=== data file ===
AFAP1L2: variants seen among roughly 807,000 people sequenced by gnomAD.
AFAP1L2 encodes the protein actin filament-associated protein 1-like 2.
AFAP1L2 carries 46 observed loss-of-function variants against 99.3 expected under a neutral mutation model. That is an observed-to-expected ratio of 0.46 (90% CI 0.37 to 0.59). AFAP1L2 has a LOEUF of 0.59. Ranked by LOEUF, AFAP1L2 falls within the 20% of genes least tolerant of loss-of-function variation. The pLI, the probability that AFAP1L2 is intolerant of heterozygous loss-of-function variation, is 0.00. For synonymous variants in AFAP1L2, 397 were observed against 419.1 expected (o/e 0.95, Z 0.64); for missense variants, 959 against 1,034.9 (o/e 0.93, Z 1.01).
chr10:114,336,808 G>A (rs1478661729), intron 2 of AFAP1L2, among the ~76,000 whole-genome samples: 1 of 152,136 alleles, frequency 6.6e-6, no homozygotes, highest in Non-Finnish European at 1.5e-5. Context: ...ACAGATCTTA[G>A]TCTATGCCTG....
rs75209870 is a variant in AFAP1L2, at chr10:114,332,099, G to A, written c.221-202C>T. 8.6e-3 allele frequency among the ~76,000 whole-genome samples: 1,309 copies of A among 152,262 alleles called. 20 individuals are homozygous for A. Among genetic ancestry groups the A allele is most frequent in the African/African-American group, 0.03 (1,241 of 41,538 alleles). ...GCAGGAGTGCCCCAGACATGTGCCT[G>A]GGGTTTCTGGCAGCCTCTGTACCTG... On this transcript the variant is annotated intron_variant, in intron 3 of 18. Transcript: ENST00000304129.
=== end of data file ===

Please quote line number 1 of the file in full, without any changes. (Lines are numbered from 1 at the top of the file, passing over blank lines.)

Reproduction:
AFAP1L2: variants seen among roughly 807,000 people sequenced by gnomAD.